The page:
By Amy White
Special to The Texas Catholic
At the very heart of Mary Immaculate Catholic School in Farmers Branch, a quiet space is being prepared for children to encounter God. The heart, or “Atrium” of the school, is the pet project of the Dominican Sisters of St. Cecilia, known also as the “Nashville Dominicans,” who arrived at the Farmers Branch school in 2019.
“The Atrium,” said Sister Annunciata Hawley, a Dominican sister since 1987, “is the term used by the early Church to designate a space where those not yet admitted into the Church go and prepare until they are in full communion with the Church.” In other words, an Atrium is a sacred area to grow in relationship with God.
At Mary Immaculate Catholic School, the term “Atrium” refers specifically to the space reserved for the practice of the Catechesis of the Good Shepherd. Far from a traditional education, the Good Shepherd religious formation is a Montessori-based system founded by Sofia Cavalletti to introduce children ages three to 12 to the truth, beauty, and goodness of the faith through developmentally-appropriate engagement of their five senses.
“Catechesis of the Good Shepherd prepares children to encounter the person of Christ,” said Sister Mary Anne Zuberbueler, who has served as the school’s principal since July of 2019, “They are invited to a special place where they learn to quiet themselves physically and mentally.” This special place of reflection is the Atrium.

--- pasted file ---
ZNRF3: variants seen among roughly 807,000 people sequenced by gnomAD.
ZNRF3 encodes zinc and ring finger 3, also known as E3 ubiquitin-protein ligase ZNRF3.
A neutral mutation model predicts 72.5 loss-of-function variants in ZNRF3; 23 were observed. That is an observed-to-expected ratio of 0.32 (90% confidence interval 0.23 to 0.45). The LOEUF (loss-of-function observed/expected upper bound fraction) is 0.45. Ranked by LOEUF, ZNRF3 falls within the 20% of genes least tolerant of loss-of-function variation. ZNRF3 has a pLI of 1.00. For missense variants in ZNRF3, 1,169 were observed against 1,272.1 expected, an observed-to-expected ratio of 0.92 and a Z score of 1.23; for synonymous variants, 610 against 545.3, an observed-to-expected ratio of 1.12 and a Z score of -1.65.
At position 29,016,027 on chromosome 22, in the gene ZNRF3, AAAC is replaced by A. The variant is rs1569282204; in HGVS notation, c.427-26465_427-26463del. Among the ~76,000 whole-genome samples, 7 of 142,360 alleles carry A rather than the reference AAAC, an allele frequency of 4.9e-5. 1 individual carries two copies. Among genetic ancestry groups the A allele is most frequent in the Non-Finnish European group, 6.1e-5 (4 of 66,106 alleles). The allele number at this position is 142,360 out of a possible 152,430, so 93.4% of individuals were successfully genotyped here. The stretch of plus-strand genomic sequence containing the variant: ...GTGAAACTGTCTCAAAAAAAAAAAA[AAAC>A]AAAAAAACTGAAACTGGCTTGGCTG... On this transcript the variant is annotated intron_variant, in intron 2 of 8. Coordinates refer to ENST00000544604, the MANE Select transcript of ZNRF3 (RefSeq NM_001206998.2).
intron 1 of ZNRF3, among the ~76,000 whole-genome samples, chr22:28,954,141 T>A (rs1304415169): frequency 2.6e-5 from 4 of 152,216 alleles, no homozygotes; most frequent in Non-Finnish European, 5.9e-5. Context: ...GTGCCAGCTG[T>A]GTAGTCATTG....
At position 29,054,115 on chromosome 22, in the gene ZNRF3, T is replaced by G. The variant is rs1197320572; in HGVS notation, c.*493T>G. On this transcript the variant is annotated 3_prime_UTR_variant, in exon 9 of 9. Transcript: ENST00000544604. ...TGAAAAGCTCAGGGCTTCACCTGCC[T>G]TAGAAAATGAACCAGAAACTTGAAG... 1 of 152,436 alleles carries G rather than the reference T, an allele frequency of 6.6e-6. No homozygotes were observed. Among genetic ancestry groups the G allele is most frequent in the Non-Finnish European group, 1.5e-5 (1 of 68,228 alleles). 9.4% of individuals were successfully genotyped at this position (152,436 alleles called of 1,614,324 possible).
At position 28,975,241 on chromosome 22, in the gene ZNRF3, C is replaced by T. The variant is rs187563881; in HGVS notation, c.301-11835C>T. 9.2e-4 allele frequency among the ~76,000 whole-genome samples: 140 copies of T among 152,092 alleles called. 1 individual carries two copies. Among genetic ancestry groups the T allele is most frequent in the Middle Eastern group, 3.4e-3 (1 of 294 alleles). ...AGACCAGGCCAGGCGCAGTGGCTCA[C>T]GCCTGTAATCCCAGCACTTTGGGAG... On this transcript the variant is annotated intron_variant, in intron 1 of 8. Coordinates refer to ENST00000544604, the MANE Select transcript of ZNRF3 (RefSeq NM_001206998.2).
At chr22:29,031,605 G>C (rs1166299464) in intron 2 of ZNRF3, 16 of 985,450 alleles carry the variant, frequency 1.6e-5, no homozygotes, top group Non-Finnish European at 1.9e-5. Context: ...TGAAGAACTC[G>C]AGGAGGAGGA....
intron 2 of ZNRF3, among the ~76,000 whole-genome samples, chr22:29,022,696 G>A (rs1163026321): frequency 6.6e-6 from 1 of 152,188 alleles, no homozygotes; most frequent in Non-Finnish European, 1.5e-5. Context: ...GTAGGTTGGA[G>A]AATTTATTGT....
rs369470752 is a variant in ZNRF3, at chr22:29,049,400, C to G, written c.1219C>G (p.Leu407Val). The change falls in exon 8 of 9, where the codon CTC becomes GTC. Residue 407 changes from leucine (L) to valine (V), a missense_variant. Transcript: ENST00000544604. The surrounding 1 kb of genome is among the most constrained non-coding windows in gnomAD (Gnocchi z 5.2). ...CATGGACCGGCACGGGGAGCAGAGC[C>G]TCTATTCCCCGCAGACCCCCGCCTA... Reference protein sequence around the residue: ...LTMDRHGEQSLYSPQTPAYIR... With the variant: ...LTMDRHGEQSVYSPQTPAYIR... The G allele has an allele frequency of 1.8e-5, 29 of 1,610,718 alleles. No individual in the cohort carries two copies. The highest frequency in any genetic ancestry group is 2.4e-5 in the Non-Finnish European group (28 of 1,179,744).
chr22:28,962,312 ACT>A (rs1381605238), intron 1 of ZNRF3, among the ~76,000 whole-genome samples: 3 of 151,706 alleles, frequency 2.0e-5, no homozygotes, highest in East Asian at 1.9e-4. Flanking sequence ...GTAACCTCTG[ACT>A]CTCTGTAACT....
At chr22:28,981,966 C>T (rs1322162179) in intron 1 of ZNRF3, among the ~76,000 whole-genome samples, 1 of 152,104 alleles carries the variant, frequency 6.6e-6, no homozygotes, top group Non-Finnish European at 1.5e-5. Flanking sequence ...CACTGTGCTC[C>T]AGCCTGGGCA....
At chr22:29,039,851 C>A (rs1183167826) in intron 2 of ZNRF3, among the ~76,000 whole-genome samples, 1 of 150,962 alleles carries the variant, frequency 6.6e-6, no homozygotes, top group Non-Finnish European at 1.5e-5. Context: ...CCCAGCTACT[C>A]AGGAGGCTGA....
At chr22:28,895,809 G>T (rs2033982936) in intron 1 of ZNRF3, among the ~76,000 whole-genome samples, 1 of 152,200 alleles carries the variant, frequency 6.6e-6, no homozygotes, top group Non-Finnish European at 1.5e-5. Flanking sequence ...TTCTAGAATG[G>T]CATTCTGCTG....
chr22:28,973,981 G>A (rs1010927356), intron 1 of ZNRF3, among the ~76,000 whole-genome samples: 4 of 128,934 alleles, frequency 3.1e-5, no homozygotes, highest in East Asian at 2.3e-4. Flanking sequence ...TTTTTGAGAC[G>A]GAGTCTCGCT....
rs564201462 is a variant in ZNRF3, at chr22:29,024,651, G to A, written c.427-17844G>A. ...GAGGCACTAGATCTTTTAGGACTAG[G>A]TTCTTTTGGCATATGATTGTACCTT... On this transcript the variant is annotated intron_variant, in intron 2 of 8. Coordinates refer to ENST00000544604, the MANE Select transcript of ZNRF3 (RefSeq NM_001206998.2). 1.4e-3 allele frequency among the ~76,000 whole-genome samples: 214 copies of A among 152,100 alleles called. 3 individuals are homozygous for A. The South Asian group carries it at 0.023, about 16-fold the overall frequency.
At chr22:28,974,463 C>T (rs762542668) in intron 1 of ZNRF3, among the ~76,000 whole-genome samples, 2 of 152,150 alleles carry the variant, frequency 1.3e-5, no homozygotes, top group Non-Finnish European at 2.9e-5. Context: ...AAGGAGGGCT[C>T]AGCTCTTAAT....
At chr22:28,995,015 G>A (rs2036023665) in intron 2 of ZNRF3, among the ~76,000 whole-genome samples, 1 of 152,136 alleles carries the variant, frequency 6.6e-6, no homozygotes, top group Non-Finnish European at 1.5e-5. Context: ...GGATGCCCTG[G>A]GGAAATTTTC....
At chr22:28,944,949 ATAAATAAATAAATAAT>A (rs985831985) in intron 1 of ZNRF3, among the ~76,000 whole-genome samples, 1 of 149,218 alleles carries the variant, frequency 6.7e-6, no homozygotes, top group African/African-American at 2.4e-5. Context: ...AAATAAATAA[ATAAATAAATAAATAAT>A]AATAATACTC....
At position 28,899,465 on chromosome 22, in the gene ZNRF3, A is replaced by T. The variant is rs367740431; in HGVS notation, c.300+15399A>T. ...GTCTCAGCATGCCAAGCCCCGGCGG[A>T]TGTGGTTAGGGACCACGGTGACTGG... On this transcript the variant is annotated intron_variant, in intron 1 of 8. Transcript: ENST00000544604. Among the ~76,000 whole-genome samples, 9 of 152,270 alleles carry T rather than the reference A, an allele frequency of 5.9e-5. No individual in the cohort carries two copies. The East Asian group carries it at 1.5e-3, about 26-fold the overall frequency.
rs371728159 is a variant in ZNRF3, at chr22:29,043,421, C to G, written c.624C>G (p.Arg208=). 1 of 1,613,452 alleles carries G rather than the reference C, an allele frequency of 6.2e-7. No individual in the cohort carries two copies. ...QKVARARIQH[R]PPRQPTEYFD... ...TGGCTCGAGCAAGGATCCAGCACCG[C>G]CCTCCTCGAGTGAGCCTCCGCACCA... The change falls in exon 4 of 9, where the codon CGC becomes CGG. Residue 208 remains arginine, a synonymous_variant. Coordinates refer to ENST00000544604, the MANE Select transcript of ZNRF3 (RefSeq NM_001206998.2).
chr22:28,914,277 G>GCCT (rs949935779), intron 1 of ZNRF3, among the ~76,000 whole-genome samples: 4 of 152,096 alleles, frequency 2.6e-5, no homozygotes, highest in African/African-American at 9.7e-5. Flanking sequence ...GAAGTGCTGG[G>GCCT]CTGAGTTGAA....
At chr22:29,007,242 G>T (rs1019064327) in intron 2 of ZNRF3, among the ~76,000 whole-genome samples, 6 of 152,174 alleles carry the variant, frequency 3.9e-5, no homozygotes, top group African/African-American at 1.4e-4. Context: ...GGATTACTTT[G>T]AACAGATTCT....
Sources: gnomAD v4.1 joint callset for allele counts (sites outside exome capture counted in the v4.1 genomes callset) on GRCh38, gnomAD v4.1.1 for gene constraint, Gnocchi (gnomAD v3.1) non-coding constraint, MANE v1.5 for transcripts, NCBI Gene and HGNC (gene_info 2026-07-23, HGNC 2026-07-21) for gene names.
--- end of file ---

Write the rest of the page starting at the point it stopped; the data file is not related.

Currently, the construction of the Atrium is under way. Already, useful materials, including religious art and old shelves, have been gathered from teachers, religious sisters, and parents for the decoration of the space. These treasures have been restored and rearranged to make the Atrium an inviting place for children to learn, love, and live the truths of their faith.
Sister Annunciata, who serves as the head of the school’s Good Shepherd program, shares her final vision for the Atrium: “The end [goal] would be a larger space with beautiful wood shelves and tables as well as all the necessary materials to teach the children.” Currently, several wood pieces, including an altar, are in construction.
Although the assembling of the Atrium is still in progress, Mary Immaculate students and parents have already begun to notice the preciousness of this reserved space of faith formation.
“The first time I saw children working in an Atrium, I was amazed at the diligence and sense of reverence with which very small children were approaching the works of trimming and arranging real flowers in tiny glass vases, polishing metal, tracing beautiful prayer cards, and gathering to name their intentions and pray together,” said Elizabeth Nava, a Mary Immaculate parent since 2019 and a catechist of 10-plus years. “Children who work in an Atrium have an increased sense of wonder, reverence, and personal ownership of their faith.”
In the present infancy of Mary Immaculate’s Good Shepherd program, only kindergarten and first grade students can participate in the program; however, the sisters hope that students up to fifth grade will be able to enjoy this remarkably reverent form of catechesis in the years to come.